Renewable Energy as Military Strategy

Renewable Energy as Military Strategy

John Ehrett

All too often, public discussions about the military, energy, and the environment devolve into caricature: consider the ubiquitous meme of a “military-industrial complex” devoted to oil extraction and profiteering above all else. Such binary thinking obscures the creative ways the military is responding to environmental and energy challenges, and downplays its unique leadership role in developing renewable energy solutions. The “Maintaining National Energy Security: The Role of Fossil Fuels in America’s Defense Strategy” panel at Yale’s 2017 New Directions in Environmental Law conference was a refreshing counterpoint to this shopworn “military-industrial” narrative, and outlined a number of creative paths forward for the American defense establishment.

Moderator Michael Oristaglio, executive director of the Yale Climate and Energy Institute, framed the conversation around two major topics: the role that fossil fuels play in U.S. military operations and defense strategy, which in turn raises questions of environmental impacts and human rights; and the military’s ongoing plan to move away from fossil fuel use for strategic reasons. In the event of energy supply disruptions, Oristaglio noted, a military overreliant on fossil fuels would find itself in a difficult strategic position.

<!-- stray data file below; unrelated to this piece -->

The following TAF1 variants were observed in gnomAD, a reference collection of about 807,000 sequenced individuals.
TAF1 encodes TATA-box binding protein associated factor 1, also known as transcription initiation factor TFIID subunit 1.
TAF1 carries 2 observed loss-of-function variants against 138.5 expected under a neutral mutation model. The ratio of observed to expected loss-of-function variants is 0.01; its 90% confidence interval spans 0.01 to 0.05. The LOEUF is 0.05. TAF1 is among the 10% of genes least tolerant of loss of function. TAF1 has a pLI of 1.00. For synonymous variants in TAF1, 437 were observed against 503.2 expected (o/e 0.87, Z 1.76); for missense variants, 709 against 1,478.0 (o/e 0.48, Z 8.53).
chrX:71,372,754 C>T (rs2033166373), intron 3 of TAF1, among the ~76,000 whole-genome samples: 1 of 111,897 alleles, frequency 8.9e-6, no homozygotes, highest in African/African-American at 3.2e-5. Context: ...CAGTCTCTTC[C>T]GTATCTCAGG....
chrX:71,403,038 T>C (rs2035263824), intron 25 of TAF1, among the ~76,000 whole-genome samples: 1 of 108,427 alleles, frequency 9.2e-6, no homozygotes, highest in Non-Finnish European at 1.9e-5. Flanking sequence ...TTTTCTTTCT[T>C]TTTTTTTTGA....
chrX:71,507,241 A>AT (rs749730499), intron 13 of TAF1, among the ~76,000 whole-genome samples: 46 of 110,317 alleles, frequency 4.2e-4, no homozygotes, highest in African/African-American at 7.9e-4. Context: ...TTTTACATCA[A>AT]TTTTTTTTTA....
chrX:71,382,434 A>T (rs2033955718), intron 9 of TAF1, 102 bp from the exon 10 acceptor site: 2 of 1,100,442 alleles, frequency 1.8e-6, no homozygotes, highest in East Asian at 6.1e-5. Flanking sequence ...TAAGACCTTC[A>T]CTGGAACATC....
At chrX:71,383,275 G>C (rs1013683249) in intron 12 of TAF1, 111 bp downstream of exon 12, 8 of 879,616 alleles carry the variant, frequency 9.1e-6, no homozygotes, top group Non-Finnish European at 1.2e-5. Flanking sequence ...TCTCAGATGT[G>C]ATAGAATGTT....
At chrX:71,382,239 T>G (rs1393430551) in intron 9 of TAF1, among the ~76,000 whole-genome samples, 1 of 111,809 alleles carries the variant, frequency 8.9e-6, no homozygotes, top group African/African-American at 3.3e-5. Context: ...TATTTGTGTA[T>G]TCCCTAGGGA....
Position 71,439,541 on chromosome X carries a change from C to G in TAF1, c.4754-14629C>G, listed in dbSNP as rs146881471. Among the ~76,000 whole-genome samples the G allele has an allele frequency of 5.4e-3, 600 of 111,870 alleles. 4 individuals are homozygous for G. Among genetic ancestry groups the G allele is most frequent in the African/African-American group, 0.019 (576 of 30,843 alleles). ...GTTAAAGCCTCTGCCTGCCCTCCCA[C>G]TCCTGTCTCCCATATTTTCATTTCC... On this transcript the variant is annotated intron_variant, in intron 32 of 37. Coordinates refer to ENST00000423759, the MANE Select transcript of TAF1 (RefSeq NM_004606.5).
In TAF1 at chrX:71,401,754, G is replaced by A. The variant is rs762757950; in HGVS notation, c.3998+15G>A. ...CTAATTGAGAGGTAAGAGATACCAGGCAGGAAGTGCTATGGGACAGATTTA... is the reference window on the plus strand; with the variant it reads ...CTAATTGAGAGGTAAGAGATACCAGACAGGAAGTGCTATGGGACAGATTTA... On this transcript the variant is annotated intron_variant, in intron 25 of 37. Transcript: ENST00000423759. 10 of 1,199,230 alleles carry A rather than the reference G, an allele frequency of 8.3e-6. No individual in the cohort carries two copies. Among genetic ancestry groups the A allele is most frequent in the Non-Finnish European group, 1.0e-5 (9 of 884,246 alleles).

These issues took center stage throughout the panel, as discussants explained the broad strategic benefits of adopting renewable energy sources. Dan Kenny, security and emergency management specialist for Newfield Exploration and veteran of the U.S. Coast Guard, stressed that renewable energy is the key to the military’s own goals of energy security. Simply put, the military doesn’t want to be exclusively dependent on one type of fuel; at present, disruptions in the military’s access to oil would hinder the military’s war-fighting capability. This risk becomes particularly important as the U.S. military allocates more resources to the Asian and Pacific region in order to balance an emerging China: longer distances between island resupply points force commanders to depend on increasingly attenuated supply chains.  Kenny’s core theme underpinned much of the discussion that followed: for the military, the costs of renewable energy can be justified in terms of strategic, not just ecological, gains.

Robert Goldstein, director of the Center for the Rule of Law at the U.S. Military Academy at West Point, explained the national security impacts of changing climate realities. Wholly apart from questions of climate change causation, Goldstein said, the Syrian crisis—which has swelled to involve over 11 million refugees—was undeniably exacerbated by a series of droughts. These droughts damaged food supplies and concentrated populations around cities, producing a powder-keg environment that erupted into civil war. Furthermore, rising sea levels are placing South Asian nations at serious risk, and could trigger a refugee crisis involving 150 million people. Such dynamics lead to the real potential for conflicts over scarce natural resources—conflicts the U.S. military has a strong interest in preventing. Accordingly, pursuing renewable energy doesn’t just benefit the military directly (by removing the need to depend on potentially unstable sources of fossil fuel), but also has the indirect benefit of mitigating global risk overall.